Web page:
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African studies book by UTSC historian wins national prize

AFRICAN HISTORY: Professor Stephen Rockel, pictured with his book, has won a national prize for the best book on African studies. (Photo by Ken Jones.)

by Mary Ann Gratton

A book by UTSC history professor Stephen Rockel has won the Joel Gregory Prize from the Canadian Association of African Studies for the best book on African studies published by a Canadian, a Canadian landed immigrant, or an African educated in Canada.

Rockel’s book is titled Carriers of Culture: Labor on the Road in Nineteenth-Century East Africa (Portsmouth, NH: Heinemann, 2006). The biennial prize was presented at this year’s meeting of the Canadian African Studies conference, held at Queen’s University in Kingston.

His book is described as “a journey, a labor history, a story of African initiative and adaptation to modernity, and a contribution to a history of Tanzania and East Africa that gives due attention to intersocietal linkages and networks.” The $500 prize is named in honour of the late Joel Gregory, an important scholar in African Studies in Canada known for his research and contributions to African demography.

“I was extremely happy,” Rockel responded when asked about the news. “I was particularly pleased because it came from my peers, and I’m proud that we have a very strong tradition in African studies here in Canada.”

Carriers of Culture is Rockel’s first book. “It was a long time coming,” he said. He began working on it in 1994, but had to set it aside for a few years after moving to South Africa to work. Originally from New Zealand, Rockel first came to Toronto following his undergraduate degree at the University of Auckland. He pursued his graduate studies in Canada, earning his Master’s and PhD from the University of Toronto. After teaching in South Africa, he returned to Canada in 1999. He then joined UTSC, earning a Connaught grant from the University of Toronto, along with funding from the Social Sciences and Humanities Research Council of Canada (SSHRC). These grants enabled him to travel to East Africa in 2000 and again in 2005 and 2006 to continue researching the book and other projects.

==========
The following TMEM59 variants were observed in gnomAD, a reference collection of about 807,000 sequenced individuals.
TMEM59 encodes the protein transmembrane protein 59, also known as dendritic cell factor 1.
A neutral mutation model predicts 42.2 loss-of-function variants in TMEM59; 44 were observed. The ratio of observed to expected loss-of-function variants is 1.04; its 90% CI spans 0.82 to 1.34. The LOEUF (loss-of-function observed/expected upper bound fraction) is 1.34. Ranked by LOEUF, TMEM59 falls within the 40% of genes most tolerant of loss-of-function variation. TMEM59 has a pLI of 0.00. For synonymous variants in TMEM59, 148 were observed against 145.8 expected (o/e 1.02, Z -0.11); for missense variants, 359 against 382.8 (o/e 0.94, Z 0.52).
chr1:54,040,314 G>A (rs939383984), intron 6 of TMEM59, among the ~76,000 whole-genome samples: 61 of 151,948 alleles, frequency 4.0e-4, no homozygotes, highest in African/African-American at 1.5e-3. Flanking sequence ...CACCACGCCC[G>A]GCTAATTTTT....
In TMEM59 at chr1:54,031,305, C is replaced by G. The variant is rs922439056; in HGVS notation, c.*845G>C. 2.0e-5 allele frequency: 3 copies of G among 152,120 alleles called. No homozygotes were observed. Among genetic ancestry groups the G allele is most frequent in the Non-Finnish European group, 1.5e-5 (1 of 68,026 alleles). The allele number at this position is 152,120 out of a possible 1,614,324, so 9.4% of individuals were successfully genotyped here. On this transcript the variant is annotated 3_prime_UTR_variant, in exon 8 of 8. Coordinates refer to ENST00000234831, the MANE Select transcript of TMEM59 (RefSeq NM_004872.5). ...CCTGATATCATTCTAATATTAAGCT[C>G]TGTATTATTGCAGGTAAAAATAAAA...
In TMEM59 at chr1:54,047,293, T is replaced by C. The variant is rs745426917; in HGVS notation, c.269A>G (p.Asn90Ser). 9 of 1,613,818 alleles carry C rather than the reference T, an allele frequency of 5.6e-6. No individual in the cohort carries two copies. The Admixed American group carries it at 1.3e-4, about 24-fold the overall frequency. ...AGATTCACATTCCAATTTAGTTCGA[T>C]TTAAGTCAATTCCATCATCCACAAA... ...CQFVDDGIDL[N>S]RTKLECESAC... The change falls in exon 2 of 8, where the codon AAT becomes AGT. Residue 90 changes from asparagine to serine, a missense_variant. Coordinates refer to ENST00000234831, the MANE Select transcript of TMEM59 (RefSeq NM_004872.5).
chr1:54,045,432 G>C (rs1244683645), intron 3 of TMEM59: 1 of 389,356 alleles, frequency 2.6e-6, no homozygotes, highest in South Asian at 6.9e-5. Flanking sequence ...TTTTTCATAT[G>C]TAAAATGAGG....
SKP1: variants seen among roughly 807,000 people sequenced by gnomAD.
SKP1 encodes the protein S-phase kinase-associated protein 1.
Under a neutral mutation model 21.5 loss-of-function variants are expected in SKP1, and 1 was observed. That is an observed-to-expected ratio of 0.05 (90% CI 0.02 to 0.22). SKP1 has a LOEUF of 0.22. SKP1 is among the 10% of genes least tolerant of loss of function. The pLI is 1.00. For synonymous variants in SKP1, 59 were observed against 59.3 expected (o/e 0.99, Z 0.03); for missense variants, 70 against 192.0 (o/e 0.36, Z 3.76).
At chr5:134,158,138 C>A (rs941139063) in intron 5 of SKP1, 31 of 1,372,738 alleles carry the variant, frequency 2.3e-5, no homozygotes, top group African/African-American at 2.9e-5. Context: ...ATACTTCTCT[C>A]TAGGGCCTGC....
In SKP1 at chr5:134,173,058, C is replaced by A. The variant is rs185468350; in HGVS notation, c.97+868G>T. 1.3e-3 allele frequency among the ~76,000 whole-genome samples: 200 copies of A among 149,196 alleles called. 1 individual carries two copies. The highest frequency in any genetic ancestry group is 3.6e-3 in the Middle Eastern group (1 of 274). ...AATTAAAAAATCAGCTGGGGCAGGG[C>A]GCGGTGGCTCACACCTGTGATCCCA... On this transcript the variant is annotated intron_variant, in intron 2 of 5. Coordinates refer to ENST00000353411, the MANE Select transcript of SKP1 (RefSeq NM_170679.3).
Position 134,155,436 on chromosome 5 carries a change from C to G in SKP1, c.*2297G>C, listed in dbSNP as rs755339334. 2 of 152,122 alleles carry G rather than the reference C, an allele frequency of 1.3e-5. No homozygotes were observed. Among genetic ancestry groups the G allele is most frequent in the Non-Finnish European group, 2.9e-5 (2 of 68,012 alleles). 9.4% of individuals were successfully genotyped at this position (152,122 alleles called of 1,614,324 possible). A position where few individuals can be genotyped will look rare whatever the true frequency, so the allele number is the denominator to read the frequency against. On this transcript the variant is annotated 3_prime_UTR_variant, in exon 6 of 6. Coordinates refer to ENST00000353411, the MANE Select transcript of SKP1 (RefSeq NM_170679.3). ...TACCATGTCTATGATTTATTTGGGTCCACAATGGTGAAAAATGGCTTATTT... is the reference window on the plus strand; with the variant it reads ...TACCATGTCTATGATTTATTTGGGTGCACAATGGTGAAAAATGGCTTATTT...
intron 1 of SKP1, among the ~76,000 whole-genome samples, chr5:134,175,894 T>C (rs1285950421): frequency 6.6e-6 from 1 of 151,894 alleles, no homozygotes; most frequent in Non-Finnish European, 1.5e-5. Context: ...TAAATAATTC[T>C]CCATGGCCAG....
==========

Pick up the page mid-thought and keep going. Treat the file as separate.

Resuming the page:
Rockel specializes in the modern history of sub-Saharan Africa, especially East, Central and Southern Africa. His research and teaching concentrate on the rapid changes brought by integration into the international economy, African responses to new opportunities, European imperialism and colonialism, and subsequent conflicts. His interest in imperial and postcolonial wars extends to comparative histories of conquest, domination and resistance throughout the colonial world. Although he is a social historian, his work also takes in perspectives from anthropology, political science and sociology, and covers a range of themes including labour migration, slavery, cultural change, urbanization and the “nation,” as well as new interpretations of conflict in Africa, Asia, and the Americas.

History has always held a special fascination for him. “There’s a saying that the past is another country,” he said. “I love the fact that history allows you to enter these other worlds, even though we only have tenuous links to them now. History provides great connections to the present, and it is still so relevant today.”

African history became the focus of his research focus for several reasons, he says. “The field really only got going after the Second World War,” he said. “It’s still a relatively young field, and many aspects of Africa attracted my interest.” Cultural aspects of Africa such as the music and its influences on North America, as well as his own love of travel, led him to pursue African history. Rockel has also been active in the anti-apartheid movement, which connected him with other Africans as well as historical scholars.

He has now been with U of T Scarborough for 10 years. “It’s the best of both worlds,” he said. “It’s the University of Toronto, but a more intimate campus, and I like the fact that I can talk to people in different disciplines and get to know them. Here in humanities, most of us think in terms of an interdisciplinary approach, which I certainly do.” He is also fond of the diversity on campus. “Students come here with backgrounds from everywhere in the world. They are terrifically grounded, down-to-earth people, and they all come with their own story and some life experience.”

Rockel has worked within the humanities department to establish African Studies as a new minor program, which launched this year. He is serving as program director and supervisor, and plans are in place to grow the interdisciplinary program in the future.

"On behalf of the campus community, I'd like to congratulate Stephen Rockel on his book and on receiving the Joel Gregory Prize," said Professor William Bowen, chair of the department of humanities. "The book represents a great deal of research and is a superb piece of scholarship. I am also delighted because it helps to shine the spotlight on African Studies here at the University of Toronto Scarborough."


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